Alexander L'Estrange, medieval French name and all, is a contemporary English composer of mostly vocal and choral music, much of it accessible and appealing. A song cycle on the historical development of the bicycle is part of his catalog. On Eagles' Wings is a group of sacred pieces seemingly suited to English collegiate choirs' unquenchable thirst for new repertoire, but L'Estrange benefits here from performances by Tenebrae and director Nigel Short, as crack a choral ensemble as there is anywhere.
Superb re-issue of a superb album. Excellent re-mastering of what many consider to be one of the classic albums of the period that escaped mainstream distribution on the big labels. For those of you who have never came across Mazlyn Jones’s music then this is where to start. For those of you who do know his music the bonus tracks are real gems. Beautifully crafted songs and lyric straight from the heart. Its good to find artists who when re-releasing work can manage to put some thought and effort into it. Wholly recommended.
If anyone has earned the right to mess around with Vivaldi’s Four Seasons it is Nigel Kennedy, the violin world’s Marmite violinist. Remember how fresh he made this music sound on his recording of a quarter-century ago? This latest version offers a ferment of all he’s played since – concertos, jazz, Jimi Hendrix. It’s affectionate and irreverent in equal measure, and Kennedy and his Orchestra of Life never sound less than riveting. Pretty much all Vivaldi’s notes are there; around, above and in between them come interjections, overlays and linking passages involving guest musicians from jazz and rock: Orphy Robinson, Damon Reece, Z-Star and others. Spring is welcomed in by a distant-sounding intro on an electric-guitar. Summer’s storms bring forth bursts of crazily sampled static. Autumn tears off at a cracking pace, but with a jazz trumpet sauntering lazily over the top. It all sounds like a colossal jam session from the inside of a Botticelli painting.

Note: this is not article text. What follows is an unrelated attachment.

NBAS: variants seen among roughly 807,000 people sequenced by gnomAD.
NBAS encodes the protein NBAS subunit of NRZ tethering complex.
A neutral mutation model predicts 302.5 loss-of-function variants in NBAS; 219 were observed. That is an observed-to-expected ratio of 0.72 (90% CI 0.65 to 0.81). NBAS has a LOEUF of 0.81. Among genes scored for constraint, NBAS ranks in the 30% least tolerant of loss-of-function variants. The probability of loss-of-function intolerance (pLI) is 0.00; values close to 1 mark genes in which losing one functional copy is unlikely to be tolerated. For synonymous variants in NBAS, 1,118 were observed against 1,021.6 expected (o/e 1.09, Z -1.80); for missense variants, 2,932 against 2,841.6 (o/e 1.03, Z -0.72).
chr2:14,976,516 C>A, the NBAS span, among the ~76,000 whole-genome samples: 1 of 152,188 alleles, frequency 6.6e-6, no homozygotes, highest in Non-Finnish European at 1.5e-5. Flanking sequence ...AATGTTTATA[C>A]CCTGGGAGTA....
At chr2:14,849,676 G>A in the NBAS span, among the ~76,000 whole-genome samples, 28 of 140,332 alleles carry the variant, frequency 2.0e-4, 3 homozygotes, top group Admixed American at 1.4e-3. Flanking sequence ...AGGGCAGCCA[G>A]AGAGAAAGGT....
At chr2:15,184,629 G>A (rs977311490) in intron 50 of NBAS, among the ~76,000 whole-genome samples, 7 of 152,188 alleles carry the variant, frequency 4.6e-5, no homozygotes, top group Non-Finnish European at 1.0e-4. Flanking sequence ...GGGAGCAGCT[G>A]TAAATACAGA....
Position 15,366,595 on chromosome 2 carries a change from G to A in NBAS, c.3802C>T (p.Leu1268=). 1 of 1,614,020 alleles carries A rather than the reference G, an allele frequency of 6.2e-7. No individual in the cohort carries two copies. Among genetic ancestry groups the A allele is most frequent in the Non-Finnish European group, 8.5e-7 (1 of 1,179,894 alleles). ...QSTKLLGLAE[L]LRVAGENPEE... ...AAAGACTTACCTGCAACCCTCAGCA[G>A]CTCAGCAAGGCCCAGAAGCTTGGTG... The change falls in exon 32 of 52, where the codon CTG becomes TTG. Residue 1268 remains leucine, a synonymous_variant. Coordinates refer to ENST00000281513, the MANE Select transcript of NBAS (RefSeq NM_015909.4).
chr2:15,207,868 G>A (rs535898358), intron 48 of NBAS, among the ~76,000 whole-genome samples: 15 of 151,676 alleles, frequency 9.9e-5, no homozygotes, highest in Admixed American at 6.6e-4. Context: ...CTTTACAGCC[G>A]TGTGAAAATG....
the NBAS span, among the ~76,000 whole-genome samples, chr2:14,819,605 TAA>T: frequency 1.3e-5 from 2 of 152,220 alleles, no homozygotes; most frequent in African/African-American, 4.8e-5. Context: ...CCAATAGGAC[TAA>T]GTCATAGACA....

Medieval Baebes and other far greater shocks to the bourgeoisie have come along. Wild adventures placed under the rubric of performances of Vivaldi's Four Seasons are commonplace. Yet Nigel Kennedy continues to roost atop the classical sales charts in Europe, and even to command a decent following in the U.S. despite a low American tolerance for British eccentricity. How does he do it? He has kept reinventing himself successfully. Perhaps he's the classical world's version of Madonna: he's possessed of both unerring commercial instincts and with enough of a sense of style to be able to dress them up as forms of rebellion. Inner Thoughts is a collection of slow movements – inner movements of famous concertos from Bach and Vivaldi to Brahms, Bruch, and Elgar. Actually, the only composer falling into the middle of that large chronological gap is Mendelssohn; Kennedy apparently needs a sort of otherworldly serenity for this project, which Baroque and post-Romantic slow movements may have, but Mozart does not. At any rate, this is no radical idea; it's a softball straight up the middle.